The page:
The second floor and terrace of the tower of the Château are reached by a spiral staircase of great architectural interest. With its large diameter (3.32 m), it displays a few exceptional traits which were subsequently to become common: it is partly mounted on the outside of the building, in a sort of protruding tower; it is well lit over its entire height through four superimposed windows; moreover, it was covered by an eight-sided vault, destroyed in 1840.
The general layout of the second floor, which housed the King's bedroom, is fairly similar to that of the first floor. Major traces of the decoration at the time of Charles V in 1367 or 1368 still remain. The ribs of the vaults bear an embossed fleur-de-lis pattern coated with gold leaf against a blue background. A few hooks remaining in the vaults and traces on the walls show that the King's bedroom, just like the first-floor hall, was entirely wood-panelled, along with the small oratory cut into the northern wall of the donjon and the walls and vaults of the south-west turret.
A small room, perhaps 6 feet by 9 feet was the study of Henry V. An inventory of the royal collections made in 1380 gives precious indications on part of the furniture in the King's bedroom which boasted a large number of jewels. In the western window opening, in the light, hung a box which contained thirty one religious manuscripts, including two psalters who once belonged to Saint Louis. Starting in July 1367, the north-west turret, lit by a single window and fitted with a fireplace, was used to house the King's “coffers” i.e. his money. After that room, in the rectangular tower, a vestibule lit by a window gave access to a “study” on one side and to the latrines on the other. This study is a very small room with a fireplace and a vaulted ceiling whose ribs come down onto four carved consoles bearing the symbols of the Evangelists; the crown of the vault is decorated with a representation of the Trinity. In 1380, a large number of jewels, relics and manuscripts were kept there.
The private rooms of the King included a very small unheated chapel with a beautiful ceiling seen above.
The ground floor, which was greatly modified in the 18th century, has a well and a big fireplace in its northern wall, which suggests a kitchen. However, for numerous reasons, this use is doubtful; as this floor is only accessible from the first floor, it would probably have been used as a store room and to house relatives or servants. Abandoned in the 18th century by Louis XIV, the château still served, first as the site of the Vincennes porcelain manufactory, the precursor to Sèvres, then as a state prison, which housed the marquis de Sade, Diderot, Mirabeau, and the famous confidence man, Jean Henri Latude, as well as a community of nuns of the English Benedictine Congregation from Cambrai. At the end of February 1791 a mob of more than a thousand workers from the Faubourg Saint-Antoine, encouraged by members of the Cordeliers Club and led by Antoine Joseph Santerre, marched out to the Château, which, rumour had it, was being readied on the part of the Crown for political prisoners, and with crowbars and pickaxes set about demolishing it, as the Bastille had recently been demolished. The work was interrupted by the marquis de Lafayette who took several ringleaders prisoner, to the jeers of the Parisian workers.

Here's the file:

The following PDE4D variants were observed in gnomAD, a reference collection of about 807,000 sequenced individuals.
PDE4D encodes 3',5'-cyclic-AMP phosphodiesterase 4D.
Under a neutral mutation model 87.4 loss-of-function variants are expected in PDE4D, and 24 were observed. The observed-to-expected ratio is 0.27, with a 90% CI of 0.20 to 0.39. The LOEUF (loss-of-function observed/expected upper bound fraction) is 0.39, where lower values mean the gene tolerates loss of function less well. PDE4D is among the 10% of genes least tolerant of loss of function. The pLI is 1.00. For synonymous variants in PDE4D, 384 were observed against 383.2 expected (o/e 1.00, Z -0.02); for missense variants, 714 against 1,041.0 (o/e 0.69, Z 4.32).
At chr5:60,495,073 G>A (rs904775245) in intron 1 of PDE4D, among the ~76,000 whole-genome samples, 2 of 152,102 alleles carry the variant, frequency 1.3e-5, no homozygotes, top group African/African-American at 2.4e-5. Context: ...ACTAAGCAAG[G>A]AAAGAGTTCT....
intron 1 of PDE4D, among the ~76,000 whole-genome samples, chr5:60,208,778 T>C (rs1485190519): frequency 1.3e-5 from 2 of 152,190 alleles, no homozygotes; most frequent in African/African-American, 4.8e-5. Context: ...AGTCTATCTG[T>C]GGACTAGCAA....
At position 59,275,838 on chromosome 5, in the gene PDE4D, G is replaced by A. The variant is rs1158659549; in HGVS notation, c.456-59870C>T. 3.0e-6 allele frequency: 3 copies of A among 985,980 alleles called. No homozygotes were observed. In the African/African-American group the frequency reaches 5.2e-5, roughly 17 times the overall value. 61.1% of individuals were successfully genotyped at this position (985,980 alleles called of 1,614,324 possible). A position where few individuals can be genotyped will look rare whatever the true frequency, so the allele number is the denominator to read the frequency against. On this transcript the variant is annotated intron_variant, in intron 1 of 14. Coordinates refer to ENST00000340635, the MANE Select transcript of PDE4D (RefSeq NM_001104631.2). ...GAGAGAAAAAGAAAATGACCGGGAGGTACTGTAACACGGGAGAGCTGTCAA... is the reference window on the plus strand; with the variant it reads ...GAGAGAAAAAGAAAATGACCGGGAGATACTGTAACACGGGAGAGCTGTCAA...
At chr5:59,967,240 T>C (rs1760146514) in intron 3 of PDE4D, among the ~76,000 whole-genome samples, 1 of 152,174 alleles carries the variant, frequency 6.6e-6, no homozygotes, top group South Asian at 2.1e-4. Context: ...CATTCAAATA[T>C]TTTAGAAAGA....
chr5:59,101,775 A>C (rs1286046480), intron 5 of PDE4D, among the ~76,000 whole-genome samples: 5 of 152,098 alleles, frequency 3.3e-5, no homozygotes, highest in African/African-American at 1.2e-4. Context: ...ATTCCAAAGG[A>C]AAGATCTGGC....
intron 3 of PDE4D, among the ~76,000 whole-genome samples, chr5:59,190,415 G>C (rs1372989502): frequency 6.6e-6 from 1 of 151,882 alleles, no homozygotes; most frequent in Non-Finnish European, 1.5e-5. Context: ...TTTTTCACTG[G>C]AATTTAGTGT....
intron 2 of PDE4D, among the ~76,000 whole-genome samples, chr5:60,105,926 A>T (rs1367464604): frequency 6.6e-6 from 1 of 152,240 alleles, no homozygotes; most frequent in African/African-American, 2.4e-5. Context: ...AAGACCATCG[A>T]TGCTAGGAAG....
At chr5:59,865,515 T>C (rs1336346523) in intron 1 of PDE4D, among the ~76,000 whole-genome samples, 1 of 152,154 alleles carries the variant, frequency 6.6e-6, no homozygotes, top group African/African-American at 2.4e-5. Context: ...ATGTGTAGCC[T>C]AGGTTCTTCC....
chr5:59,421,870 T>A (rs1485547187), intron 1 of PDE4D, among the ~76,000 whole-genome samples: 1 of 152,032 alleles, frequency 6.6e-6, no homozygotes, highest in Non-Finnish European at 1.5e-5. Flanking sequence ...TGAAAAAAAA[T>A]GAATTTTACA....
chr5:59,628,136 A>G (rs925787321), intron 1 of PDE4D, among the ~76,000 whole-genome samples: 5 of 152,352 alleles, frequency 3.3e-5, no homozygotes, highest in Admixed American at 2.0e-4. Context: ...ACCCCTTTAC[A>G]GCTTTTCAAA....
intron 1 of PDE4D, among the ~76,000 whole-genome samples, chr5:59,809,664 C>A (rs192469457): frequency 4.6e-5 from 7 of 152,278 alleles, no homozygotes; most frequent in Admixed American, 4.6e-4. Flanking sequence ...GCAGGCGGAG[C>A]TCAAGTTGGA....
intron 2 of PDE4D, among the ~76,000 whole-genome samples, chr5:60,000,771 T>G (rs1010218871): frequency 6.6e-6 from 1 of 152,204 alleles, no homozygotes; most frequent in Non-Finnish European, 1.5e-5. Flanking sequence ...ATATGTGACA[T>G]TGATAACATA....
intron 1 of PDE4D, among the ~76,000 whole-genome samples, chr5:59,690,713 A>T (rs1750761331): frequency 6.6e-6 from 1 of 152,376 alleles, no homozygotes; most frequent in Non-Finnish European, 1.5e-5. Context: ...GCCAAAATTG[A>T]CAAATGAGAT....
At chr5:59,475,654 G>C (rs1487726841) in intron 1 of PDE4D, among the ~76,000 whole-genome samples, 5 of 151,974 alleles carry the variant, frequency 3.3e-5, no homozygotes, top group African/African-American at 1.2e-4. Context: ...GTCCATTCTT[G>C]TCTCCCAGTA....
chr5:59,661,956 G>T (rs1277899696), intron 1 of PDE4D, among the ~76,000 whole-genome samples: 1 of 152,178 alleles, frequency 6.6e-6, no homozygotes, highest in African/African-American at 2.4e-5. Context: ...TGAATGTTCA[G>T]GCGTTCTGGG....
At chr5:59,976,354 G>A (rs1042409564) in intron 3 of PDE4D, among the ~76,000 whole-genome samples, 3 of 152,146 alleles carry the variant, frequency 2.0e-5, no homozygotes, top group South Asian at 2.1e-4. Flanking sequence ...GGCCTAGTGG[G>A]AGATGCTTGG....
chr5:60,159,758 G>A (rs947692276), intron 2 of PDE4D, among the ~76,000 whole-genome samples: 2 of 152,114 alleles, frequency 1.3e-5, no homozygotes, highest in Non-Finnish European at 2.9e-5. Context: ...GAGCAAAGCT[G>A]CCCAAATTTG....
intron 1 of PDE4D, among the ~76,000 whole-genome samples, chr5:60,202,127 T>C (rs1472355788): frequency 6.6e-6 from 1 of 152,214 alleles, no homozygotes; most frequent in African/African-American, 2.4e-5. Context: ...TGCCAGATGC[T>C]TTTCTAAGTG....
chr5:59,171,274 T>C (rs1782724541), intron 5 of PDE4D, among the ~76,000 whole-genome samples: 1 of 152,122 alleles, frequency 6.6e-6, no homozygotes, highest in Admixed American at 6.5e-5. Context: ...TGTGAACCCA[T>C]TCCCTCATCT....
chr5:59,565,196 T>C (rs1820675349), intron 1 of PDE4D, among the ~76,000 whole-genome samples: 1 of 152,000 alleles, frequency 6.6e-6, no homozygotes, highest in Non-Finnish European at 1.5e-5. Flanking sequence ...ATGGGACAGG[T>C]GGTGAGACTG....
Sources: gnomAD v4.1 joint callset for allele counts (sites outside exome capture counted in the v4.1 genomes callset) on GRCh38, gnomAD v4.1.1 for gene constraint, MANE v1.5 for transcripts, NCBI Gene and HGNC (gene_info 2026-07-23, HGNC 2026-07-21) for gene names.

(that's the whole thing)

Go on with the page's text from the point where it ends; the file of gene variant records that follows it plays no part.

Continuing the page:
Diderot's celebrated Lettre sur les aveugles à l'usage de ceux qui voient (“Letter on the Blind”) (1749), introduced him to the world as a daringly original thinker. The subject is a discussion of the interrelation between man's reason and the knowledge acquired through perception (the five senses). The title, “Letter on the Blind For the Use of Those Who See”, also evoked some ironic doubt about who exactly were “the blind” under discussion. In the essay a blind English mathematician named Saunderson argues that since knowledge derives from the senses, then mathematics is the only form of knowledge that both he and a sighted person can agree about. It is suggested that the blind could be taught to read through their sense of touch (a later essay, Lettre sur les sourds et muets, considered the case of a similar deprivation in the deaf and mute). What makes the Lettre sur les aveugles so remarkable, however, is its distinct, if undeveloped, presentation of the theory of variation and natural selection. Denis Diderot was imprisoned in the donjon of Vincennes in 1749 for three months for publishing these books and had to sign a pledge that there would be no further anti-religious books published during his lifetime.
Château Website: http://en.chateau-vincennes.fr/index.php
Letter on the Blind: https://www.h-net.org/reviews/showrev.php?id=36470